The Lawyer Africa Elite 2014 features an in-depth look at 46 leading independent firms’ strategies in 15 key sub-Saharan jurisdictions, as well as the views of in-house counsel from some of Africa’s largest companies... Read more
This year, The Lawyer’s annual ranking of the largest UK law firms by turnover is available as an interactive, digital benchmarking tool. For the first time this will allow you to manipulate each data set against the metrics of your choice.
Time is money, goes the saying. So it’s no wonder that our story about Northumbria University’s new fast-track qualification for solicitors has attracted so much attention and a whopping 59 comments.
As we reported on Monday, Northumbria is piloting a new five-year course that combines all three stages of training as a solicitor – the LLB, LPC and training contract – thus shaving off an entire year off the time it takes to become a fully-fledged member of the legal profession (read more).
What’s more students on the radical course should make some hefty savings as they won’t have to fork out for the full cost of the LPC, which is arguably a very positive development at a time when students are finding it increasingly difficult to access postgraduate study loans.
The course, however, has received a mixed response from Lawyer2B.com users with many questioning how such a qualification would fit into the traditional law firm graduate recruitment cycle. While others have even accused Northumbria of launching the course simply to make a commercial gain. “It’s just another money making scam that’s playing on the desperation of students,” wrote anonymous on 22 March.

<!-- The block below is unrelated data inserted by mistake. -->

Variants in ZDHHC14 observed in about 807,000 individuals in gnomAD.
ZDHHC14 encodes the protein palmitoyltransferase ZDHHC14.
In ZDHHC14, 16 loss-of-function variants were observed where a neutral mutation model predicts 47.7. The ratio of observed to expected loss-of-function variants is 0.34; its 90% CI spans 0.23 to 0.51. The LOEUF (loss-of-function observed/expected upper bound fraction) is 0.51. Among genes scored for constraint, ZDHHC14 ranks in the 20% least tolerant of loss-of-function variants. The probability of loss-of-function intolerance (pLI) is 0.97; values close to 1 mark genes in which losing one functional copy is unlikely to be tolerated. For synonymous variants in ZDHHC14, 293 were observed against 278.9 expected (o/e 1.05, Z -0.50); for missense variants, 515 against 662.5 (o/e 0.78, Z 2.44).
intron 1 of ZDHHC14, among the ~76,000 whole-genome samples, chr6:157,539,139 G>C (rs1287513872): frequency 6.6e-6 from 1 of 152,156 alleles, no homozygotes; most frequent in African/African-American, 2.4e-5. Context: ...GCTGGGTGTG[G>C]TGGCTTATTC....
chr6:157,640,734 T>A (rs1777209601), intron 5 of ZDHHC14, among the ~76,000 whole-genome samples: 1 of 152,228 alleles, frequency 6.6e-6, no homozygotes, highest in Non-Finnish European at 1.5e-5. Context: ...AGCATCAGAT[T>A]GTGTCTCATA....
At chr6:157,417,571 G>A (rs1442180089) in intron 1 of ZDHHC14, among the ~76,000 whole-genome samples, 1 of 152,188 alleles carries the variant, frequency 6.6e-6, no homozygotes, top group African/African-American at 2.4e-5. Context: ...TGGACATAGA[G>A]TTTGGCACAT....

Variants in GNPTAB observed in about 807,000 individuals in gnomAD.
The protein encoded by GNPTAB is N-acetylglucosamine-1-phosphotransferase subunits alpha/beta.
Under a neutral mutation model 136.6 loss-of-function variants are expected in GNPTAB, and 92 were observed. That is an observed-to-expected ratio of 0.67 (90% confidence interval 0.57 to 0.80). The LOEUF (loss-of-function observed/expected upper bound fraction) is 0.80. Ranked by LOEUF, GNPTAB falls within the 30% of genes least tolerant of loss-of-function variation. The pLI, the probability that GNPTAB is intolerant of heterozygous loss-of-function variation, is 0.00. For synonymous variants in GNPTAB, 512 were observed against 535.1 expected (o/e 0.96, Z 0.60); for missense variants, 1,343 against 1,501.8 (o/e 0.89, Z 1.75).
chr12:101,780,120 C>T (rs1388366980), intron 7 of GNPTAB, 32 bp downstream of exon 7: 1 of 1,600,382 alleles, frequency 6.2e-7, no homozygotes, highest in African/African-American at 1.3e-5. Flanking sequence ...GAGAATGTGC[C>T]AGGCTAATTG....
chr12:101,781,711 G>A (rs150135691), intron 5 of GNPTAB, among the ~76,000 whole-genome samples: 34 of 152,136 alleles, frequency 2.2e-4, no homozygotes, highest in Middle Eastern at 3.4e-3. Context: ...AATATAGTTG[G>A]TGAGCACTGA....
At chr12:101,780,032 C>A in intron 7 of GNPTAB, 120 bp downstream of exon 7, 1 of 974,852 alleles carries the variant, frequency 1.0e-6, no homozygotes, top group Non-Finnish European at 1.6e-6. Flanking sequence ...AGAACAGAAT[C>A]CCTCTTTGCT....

As is the case with any new initiative there will be those who support it whole-heartedly and those who are dead against it. But regardless of which camp you find yourself in Northumbria’s course definitely raises legitimate questions about the future shape of legal education.
For instance, in light of what Northumbria is doing and the condensed LPCs being rolled out by both BPP Law School and arch-rival the College of Law you have to wonder how much longer the LPC, as we know it, will survive for? Indeed, as access to the legal profession continues to dominate the news agenda it must be only a matter of time before the powers to be realise that the £12,000 per year course is no longer fit for purpose. Let’s just hope that this isn’t completely ignored by the regulators when they finally embark on their much-anticipated legal education review and they don’t take a life time implementing any proposed changes.